Why Foragers Hunt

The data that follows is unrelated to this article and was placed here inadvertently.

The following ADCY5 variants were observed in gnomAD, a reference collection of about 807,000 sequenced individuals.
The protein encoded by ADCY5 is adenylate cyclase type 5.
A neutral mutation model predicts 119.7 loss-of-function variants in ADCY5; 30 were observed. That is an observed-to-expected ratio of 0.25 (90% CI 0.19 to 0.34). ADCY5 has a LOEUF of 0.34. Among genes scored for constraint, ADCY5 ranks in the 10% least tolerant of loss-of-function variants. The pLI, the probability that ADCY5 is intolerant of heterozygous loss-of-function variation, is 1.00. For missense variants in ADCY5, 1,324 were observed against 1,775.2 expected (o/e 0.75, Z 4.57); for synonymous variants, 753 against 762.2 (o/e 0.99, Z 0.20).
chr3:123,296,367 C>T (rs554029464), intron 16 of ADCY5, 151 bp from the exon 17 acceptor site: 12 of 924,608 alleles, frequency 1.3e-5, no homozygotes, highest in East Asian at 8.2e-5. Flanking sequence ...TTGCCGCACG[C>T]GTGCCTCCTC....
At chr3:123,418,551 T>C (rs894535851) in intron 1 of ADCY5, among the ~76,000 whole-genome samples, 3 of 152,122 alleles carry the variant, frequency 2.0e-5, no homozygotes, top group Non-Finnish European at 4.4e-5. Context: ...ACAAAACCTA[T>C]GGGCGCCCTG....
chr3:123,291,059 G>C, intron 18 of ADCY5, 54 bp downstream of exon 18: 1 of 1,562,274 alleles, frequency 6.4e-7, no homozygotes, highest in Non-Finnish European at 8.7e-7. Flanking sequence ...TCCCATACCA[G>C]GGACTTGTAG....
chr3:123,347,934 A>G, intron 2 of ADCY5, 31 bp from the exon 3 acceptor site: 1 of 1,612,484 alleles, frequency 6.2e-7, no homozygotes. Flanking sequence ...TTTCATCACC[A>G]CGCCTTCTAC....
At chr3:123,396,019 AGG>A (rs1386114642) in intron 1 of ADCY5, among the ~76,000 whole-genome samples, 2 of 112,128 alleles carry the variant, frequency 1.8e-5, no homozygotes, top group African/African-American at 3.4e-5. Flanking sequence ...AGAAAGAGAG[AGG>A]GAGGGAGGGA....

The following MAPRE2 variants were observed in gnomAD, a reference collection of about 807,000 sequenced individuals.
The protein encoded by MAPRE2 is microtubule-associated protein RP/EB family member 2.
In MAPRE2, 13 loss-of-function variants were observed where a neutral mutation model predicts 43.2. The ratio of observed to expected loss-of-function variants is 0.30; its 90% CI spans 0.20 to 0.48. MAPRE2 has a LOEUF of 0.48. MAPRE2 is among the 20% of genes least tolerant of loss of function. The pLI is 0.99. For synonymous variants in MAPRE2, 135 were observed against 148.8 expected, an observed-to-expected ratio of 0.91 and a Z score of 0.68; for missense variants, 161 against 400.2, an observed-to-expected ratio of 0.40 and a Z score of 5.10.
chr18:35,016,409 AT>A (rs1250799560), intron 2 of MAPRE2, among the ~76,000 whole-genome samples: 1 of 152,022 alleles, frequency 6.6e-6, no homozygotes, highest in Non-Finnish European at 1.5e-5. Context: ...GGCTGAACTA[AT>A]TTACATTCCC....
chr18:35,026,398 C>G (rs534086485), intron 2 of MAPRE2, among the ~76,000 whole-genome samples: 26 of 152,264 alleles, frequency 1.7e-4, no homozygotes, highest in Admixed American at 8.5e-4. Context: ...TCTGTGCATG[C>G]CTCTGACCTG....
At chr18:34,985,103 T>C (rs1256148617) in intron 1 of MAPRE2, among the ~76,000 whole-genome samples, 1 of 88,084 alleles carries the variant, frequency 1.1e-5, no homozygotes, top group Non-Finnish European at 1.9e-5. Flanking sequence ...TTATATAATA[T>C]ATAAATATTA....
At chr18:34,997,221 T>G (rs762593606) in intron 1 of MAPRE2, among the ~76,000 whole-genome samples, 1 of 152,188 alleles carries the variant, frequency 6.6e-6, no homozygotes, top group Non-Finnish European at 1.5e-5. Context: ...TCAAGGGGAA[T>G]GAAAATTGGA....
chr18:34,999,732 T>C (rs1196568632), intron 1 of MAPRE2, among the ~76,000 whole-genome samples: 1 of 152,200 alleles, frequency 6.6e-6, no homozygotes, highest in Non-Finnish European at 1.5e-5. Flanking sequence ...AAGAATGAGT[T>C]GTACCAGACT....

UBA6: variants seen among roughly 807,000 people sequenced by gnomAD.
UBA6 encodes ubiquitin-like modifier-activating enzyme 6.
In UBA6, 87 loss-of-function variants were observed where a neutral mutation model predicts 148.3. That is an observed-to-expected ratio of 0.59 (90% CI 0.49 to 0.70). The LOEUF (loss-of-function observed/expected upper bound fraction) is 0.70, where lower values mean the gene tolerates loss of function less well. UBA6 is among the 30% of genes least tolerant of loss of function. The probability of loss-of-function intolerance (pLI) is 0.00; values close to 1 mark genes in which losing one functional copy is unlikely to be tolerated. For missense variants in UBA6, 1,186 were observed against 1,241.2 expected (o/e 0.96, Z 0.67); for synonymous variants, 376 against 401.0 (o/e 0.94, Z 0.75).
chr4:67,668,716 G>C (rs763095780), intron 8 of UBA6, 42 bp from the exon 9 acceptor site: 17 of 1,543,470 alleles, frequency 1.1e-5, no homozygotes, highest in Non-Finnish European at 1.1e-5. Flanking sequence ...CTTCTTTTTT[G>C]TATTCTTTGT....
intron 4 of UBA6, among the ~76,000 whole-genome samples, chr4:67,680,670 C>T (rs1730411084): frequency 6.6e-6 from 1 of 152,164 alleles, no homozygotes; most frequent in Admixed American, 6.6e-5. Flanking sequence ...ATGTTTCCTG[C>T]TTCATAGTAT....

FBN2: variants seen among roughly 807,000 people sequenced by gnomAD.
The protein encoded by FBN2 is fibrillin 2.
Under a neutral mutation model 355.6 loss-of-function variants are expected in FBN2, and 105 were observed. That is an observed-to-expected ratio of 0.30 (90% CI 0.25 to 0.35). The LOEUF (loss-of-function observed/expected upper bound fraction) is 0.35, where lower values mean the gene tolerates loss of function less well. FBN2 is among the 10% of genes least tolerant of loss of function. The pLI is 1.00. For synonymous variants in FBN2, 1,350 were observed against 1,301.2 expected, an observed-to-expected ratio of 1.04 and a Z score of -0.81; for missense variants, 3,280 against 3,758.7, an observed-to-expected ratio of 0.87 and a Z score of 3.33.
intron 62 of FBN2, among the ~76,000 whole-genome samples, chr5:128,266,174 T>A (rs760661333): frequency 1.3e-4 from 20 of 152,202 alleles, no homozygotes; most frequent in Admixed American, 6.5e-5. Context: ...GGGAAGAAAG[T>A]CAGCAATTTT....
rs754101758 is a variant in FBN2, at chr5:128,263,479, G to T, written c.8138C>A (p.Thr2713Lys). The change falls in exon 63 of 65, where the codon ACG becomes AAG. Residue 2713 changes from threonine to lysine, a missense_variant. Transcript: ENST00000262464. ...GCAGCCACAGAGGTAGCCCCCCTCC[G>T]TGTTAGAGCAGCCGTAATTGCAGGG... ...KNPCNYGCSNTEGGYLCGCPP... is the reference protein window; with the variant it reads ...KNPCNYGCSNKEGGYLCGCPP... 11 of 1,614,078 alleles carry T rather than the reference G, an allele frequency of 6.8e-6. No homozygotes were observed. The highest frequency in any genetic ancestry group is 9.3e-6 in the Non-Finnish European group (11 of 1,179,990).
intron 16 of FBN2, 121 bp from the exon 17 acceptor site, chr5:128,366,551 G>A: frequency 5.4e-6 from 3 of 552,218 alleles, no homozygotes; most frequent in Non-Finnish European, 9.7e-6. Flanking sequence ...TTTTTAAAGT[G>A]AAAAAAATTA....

The idea that women have evolved to be plant gatherers and men hunters has dominated evolutionary thinking and the popular imagination for decades. Many have suggested that the origins of a distinctly human form of social organization known as the nuclear family lie in women depending on a man's hunting production to provide high energy foods in the form of meat and fat to her children. This model is commonly invoked to explain patterns of human hunting both past and present, and while there are some societies around the world where this might hold, there are others that warrant a different explanation. Australia is one of the places that challenges our understanding of who hunts and why. Across Australia prehistorically, women were active hunters, with a primary focus on the hand-capture of small to medium sized animals. In many locations, women skillfully used fire and hunted with dogs to improve their efficiency. Today, women in remote communities still hunt extensively and share meat with both children and other women in ways that create bonds of trust and support strongly cooperative social networks. Women's high investment in hunting is likely linked to the fact that small animal hunting is particularly predictable and productive in this environment, especially when modified by fire. The most active hunters are older women who engage their skills in hunting not only to support their grown daughters and grandchildren, but also to build their social status and bring groups together through their generosity with meat.